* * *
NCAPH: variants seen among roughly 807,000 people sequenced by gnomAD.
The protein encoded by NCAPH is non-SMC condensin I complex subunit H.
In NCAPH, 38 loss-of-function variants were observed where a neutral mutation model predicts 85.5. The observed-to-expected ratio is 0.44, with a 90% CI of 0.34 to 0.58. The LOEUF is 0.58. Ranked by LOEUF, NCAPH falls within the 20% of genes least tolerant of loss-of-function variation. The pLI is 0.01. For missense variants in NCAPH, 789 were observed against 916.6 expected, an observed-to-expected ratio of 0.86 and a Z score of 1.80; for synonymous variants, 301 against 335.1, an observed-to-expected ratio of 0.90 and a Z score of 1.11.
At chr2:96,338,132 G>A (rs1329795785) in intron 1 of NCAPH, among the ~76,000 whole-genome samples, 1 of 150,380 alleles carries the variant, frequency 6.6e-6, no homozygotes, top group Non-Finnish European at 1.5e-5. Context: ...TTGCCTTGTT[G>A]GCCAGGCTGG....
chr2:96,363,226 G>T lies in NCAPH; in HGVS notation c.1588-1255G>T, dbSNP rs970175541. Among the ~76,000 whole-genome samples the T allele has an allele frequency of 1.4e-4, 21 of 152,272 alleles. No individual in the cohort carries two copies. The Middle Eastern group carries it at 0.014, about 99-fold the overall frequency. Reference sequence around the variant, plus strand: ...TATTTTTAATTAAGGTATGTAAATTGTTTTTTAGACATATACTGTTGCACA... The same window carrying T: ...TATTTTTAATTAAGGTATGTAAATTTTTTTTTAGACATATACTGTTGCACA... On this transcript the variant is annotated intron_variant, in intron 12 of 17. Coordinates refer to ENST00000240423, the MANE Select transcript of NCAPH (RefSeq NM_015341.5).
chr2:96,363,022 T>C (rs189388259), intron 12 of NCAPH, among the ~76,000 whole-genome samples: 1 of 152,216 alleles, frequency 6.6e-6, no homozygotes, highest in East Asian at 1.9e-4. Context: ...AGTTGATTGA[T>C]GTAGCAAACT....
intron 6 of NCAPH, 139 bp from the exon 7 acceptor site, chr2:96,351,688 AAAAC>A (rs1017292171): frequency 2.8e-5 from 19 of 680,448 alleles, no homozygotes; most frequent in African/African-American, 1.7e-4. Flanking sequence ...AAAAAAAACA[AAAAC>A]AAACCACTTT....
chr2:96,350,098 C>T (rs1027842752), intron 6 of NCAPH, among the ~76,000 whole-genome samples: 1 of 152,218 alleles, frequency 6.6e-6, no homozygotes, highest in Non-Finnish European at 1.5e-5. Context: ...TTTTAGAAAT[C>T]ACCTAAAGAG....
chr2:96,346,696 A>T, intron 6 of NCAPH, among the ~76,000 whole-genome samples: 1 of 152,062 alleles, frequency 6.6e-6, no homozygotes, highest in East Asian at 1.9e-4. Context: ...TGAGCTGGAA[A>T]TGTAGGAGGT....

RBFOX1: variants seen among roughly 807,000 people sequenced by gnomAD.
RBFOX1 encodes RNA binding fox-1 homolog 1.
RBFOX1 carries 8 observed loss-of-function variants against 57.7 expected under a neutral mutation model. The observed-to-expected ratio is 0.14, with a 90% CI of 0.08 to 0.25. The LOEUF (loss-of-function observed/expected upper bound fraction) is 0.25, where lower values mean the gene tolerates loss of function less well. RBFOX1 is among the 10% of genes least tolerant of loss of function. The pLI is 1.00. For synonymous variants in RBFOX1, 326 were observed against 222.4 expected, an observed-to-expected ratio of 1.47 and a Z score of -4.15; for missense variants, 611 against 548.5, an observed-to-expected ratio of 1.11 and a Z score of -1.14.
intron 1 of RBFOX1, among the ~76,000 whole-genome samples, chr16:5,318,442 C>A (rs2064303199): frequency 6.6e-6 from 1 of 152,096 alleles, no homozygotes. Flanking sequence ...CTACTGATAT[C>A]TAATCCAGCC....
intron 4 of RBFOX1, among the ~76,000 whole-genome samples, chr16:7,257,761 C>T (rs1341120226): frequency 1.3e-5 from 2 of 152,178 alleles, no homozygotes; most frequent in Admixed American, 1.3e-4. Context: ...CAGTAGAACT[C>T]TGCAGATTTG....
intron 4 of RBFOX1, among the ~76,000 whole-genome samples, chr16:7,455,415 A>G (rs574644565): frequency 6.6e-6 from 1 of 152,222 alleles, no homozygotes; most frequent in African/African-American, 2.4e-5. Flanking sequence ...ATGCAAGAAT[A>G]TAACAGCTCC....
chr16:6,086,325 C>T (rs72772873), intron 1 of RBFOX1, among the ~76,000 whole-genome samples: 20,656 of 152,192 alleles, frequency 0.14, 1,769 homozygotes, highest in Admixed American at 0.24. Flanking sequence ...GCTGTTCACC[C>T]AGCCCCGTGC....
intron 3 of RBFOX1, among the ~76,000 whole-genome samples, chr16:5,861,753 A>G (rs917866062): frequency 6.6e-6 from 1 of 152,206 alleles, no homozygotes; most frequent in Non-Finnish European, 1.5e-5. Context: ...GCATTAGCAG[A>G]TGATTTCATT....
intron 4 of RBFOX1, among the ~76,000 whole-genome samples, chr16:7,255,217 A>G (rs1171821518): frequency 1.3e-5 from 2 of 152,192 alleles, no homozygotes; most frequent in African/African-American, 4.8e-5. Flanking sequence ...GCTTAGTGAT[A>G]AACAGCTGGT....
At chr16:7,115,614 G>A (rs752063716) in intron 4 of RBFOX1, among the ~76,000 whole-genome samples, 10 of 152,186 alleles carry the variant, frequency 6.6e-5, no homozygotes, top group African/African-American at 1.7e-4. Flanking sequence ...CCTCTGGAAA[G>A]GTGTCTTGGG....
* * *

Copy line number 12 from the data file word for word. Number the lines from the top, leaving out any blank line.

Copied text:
RBFOX1 carries 8 observed loss-of-function variants against 57.7 expected under a neutral mutation model. The observed-to-expected ratio is 0.14, with a 90% CI of 0.08 to 0.25. The LOEUF (loss-of-function observed/expected upper bound fraction) is 0.25, where lower values mean the gene tolerates loss of function less well. RBFOX1 is among the 10% of genes least tolerant of loss of function. The pLI is 1.00. For synonymous variants in RBFOX1, 326 were observed against 222.4 expected, an observed-to-expected ratio of 1.47 and a Z score of -4.15; for missense variants, 611 against 548.5, an observed-to-expected ratio of 1.11 and a Z score of -1.14.